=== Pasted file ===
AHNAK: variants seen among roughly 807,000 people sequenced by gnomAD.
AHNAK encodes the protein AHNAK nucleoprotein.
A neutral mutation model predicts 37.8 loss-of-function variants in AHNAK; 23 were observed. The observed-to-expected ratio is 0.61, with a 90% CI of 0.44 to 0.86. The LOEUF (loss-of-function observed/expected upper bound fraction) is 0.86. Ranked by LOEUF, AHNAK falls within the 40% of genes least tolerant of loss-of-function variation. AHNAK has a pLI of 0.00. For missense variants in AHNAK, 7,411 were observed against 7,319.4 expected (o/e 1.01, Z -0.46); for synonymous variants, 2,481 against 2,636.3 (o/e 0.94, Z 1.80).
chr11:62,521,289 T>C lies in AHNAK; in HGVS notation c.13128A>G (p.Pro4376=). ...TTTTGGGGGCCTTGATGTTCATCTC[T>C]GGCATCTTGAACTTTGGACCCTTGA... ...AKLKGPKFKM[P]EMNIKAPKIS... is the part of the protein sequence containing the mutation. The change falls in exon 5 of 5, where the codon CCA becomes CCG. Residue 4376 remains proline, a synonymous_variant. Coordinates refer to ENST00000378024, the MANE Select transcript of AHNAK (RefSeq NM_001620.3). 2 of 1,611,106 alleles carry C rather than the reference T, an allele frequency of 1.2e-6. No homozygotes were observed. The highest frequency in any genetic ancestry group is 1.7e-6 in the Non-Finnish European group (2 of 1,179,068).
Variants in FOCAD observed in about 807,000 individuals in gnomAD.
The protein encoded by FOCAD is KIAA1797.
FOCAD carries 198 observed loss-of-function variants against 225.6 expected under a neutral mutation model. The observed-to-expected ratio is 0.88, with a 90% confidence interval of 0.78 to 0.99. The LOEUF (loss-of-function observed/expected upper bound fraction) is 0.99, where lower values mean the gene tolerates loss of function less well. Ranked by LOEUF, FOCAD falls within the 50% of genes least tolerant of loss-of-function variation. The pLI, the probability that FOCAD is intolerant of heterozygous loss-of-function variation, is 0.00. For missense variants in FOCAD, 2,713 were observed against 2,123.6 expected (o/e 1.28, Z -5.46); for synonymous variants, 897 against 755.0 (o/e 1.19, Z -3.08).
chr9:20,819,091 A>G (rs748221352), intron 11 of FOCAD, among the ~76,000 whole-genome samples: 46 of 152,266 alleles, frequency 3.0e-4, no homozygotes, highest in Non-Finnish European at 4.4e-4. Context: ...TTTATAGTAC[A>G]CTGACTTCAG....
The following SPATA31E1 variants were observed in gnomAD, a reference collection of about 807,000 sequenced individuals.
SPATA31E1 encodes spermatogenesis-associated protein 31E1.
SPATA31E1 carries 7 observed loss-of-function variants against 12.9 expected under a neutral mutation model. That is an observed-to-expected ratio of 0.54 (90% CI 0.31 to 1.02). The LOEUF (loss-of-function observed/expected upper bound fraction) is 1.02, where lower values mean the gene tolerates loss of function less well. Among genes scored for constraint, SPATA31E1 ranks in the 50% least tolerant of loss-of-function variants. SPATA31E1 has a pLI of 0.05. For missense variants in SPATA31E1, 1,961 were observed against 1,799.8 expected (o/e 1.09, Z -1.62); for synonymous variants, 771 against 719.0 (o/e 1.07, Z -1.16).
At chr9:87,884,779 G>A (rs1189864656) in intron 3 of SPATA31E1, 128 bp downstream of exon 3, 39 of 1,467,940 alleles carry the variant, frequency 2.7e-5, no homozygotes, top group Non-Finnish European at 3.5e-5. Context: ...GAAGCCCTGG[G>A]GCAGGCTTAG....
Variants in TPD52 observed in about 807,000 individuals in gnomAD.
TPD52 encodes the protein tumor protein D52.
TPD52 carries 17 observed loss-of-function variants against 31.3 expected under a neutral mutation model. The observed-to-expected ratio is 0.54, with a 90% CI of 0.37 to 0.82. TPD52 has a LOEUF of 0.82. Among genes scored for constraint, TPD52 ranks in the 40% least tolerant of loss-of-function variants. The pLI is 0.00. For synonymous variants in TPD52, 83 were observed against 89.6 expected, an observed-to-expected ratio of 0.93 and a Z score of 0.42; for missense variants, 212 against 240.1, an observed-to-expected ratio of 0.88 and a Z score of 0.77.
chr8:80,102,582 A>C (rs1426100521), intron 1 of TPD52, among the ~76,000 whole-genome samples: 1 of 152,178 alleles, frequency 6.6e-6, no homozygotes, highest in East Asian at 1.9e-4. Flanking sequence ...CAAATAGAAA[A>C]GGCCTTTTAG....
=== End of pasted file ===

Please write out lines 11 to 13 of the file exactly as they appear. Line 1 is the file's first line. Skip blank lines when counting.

SPATA31E1 carries 7 observed loss-of-function variants against 12.9 expected under a neutral mutation model. That is an observed-to-expected ratio of 0.54 (90% CI 0.31 to 1.02). The LOEUF (loss-of-function observed/expected upper bound fraction) is 1.02, where lower values mean the gene tolerates loss of function less well. Among genes scored for constraint, SPATA31E1 ranks in the 50% least tolerant of loss-of-function variants. SPATA31E1 has a pLI of 0.05. For missense variants in SPATA31E1, 1,961 were observed against 1,799.8 expected (o/e 1.09, Z -1.62); for synonymous variants, 771 against 719.0 (o/e 1.07, Z -1.16).
At chr9:87,884,779 G>A (rs1189864656) in intron 3 of SPATA31E1, 128 bp downstream of exon 3, 39 of 1,467,940 alleles carry the variant, frequency 2.7e-5, no homozygotes, top group Non-Finnish European at 3.5e-5. Context: ...GAAGCCCTGG[G>A]GCAGGCTTAG....
Variants in TPD52 observed in about 807,000 individuals in gnomAD.